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Labour infighting broke out today as a key ally of Jeremy Corbyn was accused of taking “feminist cues from Saudi Arabia” for suggesting women-only train carriages.
Frontbencher Chris Williamson’s proposal that separate travelling arrangements for women should be considered to combat sexual assault has sparked outcry among members of his own party.
Jess Phillips blasted his suggestion for sending out the wrong message, while Stella Creasy said the move would “normalise” attacks.
Ms Phillips, a member of the Commons Women and Equalities Select Committee, posted on Twitter: “Absolutely terrible idea. It is essentially giving up on trying to prosecute assaults. If you take your feminist cues from Saudi Arabia you’ve gone wrong.”
Shadow fire minister Mr Williamson said separate carriages might offer “a safe space” for women as sexual offences on trains have more than doubled in the past five years.
Some 1,448 offences were reported in 2016/17, compared with 650 incidents in 2012/2013, British Transport Police figures show.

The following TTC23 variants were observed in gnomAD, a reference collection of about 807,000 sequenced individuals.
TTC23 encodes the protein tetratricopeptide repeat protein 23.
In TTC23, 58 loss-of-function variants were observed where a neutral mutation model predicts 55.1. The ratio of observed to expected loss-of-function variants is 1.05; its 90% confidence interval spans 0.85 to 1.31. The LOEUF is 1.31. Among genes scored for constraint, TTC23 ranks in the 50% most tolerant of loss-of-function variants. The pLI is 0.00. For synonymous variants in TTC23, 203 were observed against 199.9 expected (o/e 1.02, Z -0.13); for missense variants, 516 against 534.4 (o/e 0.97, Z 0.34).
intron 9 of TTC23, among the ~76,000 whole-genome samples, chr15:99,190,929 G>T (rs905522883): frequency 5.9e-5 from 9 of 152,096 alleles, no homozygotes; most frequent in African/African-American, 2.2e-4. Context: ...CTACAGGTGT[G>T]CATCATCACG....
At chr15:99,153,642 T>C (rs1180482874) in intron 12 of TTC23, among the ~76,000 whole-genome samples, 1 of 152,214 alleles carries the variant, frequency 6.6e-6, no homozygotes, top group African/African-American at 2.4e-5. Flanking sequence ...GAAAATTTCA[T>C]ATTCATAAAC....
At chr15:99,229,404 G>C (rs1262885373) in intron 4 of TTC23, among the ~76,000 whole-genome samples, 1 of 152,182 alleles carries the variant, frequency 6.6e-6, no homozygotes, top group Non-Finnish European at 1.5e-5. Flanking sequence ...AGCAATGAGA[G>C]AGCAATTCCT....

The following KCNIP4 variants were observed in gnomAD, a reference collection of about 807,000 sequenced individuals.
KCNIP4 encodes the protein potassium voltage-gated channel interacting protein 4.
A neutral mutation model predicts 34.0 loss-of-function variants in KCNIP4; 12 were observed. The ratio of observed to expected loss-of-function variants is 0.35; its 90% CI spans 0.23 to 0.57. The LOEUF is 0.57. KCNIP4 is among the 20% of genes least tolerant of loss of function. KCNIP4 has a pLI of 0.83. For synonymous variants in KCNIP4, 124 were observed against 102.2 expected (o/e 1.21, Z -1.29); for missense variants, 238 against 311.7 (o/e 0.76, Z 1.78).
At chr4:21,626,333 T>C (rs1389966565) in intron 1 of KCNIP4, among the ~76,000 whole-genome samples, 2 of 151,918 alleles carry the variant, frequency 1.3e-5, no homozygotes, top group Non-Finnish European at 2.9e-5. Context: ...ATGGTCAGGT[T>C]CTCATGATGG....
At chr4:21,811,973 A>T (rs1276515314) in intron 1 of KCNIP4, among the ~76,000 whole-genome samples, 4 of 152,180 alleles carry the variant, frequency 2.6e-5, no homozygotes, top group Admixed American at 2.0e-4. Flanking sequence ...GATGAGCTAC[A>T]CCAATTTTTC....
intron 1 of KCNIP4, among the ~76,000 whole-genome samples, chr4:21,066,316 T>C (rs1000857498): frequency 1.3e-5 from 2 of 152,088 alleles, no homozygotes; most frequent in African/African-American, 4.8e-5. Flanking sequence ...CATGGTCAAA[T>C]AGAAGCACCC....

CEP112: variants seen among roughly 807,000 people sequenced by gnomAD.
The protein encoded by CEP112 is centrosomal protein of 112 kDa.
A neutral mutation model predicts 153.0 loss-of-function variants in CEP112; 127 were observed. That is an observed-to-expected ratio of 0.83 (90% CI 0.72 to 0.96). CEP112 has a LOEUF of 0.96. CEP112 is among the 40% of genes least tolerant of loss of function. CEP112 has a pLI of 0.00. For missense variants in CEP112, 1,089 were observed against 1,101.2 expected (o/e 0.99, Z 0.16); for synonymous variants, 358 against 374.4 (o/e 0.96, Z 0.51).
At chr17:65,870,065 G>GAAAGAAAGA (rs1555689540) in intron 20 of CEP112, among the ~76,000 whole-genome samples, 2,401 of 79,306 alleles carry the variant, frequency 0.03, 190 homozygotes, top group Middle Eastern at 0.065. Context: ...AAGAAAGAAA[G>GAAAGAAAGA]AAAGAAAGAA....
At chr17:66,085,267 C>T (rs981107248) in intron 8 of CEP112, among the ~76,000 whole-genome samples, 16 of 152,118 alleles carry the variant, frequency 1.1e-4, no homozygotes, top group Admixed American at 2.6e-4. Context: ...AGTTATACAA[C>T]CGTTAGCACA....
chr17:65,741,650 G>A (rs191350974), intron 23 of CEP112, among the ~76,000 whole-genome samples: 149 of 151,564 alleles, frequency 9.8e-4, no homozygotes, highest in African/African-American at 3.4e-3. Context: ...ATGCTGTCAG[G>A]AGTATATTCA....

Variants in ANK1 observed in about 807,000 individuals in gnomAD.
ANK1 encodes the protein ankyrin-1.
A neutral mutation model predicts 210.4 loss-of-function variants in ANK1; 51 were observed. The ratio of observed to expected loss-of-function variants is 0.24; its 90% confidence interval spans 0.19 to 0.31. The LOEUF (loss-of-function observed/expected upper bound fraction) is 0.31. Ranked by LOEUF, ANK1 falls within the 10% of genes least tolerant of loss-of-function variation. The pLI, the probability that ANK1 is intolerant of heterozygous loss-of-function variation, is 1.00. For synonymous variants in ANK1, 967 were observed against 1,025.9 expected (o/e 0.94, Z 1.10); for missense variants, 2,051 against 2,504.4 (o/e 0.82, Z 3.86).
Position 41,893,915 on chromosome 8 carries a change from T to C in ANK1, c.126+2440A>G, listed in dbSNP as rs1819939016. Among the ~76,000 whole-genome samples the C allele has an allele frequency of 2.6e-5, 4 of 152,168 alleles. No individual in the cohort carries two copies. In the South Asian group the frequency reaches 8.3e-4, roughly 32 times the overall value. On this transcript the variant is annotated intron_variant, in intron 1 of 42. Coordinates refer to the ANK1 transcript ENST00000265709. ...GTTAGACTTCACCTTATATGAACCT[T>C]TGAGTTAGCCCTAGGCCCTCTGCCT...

The idea was initially suggested by Labour leader Jeremy Corbyn during his 2015 leadership bid, but the plans were dropped after attracting criticism from prominent Labour MPs such as Yvette Cooper and Liz Kendall.
Derby North MP Mr Williamson told PoliticsHome: “It would be worth consulting about it. It was pooh-poohed [when Jeremy Corbyn suggested it], but these statistics seem to indicate there is some merit in examining that.”
Ms Creasy, MP for Walthamstow and a women’s rights campaigner, argued that women should be safe to sit anywhere. She tweeted: “Can we make all carriages safe for all passengers rather than restricting where we can go? It’s not us, it’s them, honest …”
She added: “Doesn’t keep women safe to restrict their movements — it normalises attacks. We need to be clear they [the attackers] are problem, not women’s seating plans.”
Mr Williamson replied: “I didn’t suggest imposing restrictions, Stella, merely consulting on offering a choice in view of the statistics showing increased attacks.”
He also added that he wanted more guards on trains and it was a “mere suggestion” that passengers might like the choice of additional carriages.
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